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Doctoral thesis, 2021

Wide-scope screening for contaminants of emerging concern in archived biota: Method development, suspect prioritisation, and non-target screening in a novel identification tool

Dürig, Wiebke


Environmental monitoring of hazardous chemicals in wildlife conventionally uses target screening for selected contaminants, but relatively few contaminants are moni-tored and knowledge of potentially hazardous contaminants of emerging concern (CECs) in wildlife is lacking. In this thesis, a non-target screening (NTS) method com-bined with temporal trend analysis was developed and applied as a prioritisation tool for identification of CECs in top predators, using high-resolution mass spectrometry (HRMS). A multi-residue sample extraction and HRMS screening method was devel-oped and validated for various biota tissue types and species, to capture chemicals with a broad range of physiochemical properties (Paper I). Minimised sample pre-treatment and clean-up resulted in a non-specific extraction method for NTS in biota. A tool for creating suspect lists for screening of CECs in biota was developed based on an exten-sive database of chemicals (Paper II). Systematic ranking of chemicals based on rele-vant physicochemical properties was used to prioritize CECs relevant for biota and water. Finally, a NTS workflow was developed for prioritizing CECs in time series of archived biological tissue of top predators. The samples included time series of muscle tissue from white-tailed sea eagle (Haliaeetus albicilla) (1965-2017) and Eurasian lynx (Lynx lynx) (1969-2017) obtained from the environmental specimen bank (ESB) at the Swedish Museum of Natural History (SMNH). The prioritisation method was validated with an artificial time series using spiked matrix samples of increasing concentrations (Paper III). A total of 14 compounds (six of anthropogenic origin) with increasing time trends were tentatively identified in white-tailed sea eagle samples, while two com-pounds with increasing time trends and one compound with a decreasing time trend were tentatively identified in lynx samples (Paper IV). The tentatively identified com-pounds originated from different chemical categories (pharmaceuticals, personal care products, industrial chemicals, herbicides). These results showed that, despite the high matrix effect and low expected concentrations in terrestrial species (lynx), it was possi-ble to tentatively identify new CECs in wildlife. The novel prioritisation strategy and NTS workflow developed in this thesis can provide a useful tool for future identifica-tion of CECs in biota. The overall findings can help government agencies expand their monitoring programmes for identification of CECs in biota.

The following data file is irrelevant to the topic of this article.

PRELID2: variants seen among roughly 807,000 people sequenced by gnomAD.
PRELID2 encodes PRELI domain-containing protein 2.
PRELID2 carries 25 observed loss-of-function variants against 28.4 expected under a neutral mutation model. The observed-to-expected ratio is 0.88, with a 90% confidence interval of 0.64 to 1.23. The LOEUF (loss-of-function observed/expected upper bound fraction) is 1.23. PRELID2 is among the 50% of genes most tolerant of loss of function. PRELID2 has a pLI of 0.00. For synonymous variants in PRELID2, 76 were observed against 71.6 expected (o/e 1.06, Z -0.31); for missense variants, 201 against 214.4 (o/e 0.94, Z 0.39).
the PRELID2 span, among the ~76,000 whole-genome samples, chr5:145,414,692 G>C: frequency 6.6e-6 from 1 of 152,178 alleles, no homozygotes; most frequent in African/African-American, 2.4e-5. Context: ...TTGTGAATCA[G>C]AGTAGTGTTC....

contaminants of emerging concern; top predators; environmental specimen bank; time series analysis; prioritisation; mass spectrometry; non-target screening

Published in

Acta Universitatis Agriculturae Sueciae
2021, number: 2021:4
ISBN: 978-91-7760-686-4, eISBN: 978-91-7760-687-1
Publisher: Department of Aquatic Sciences and Assessment, Swedish University of Agricultural Sciences

Authors' information

Dürig, Wiebke
Swedish University of Agricultural Sciences, Department of Aquatic Sciences and Assessment

UKÄ Subject classification

Environmental Sciences
Analytical Chemistry
Environmental Management

URI (permanent link to this page)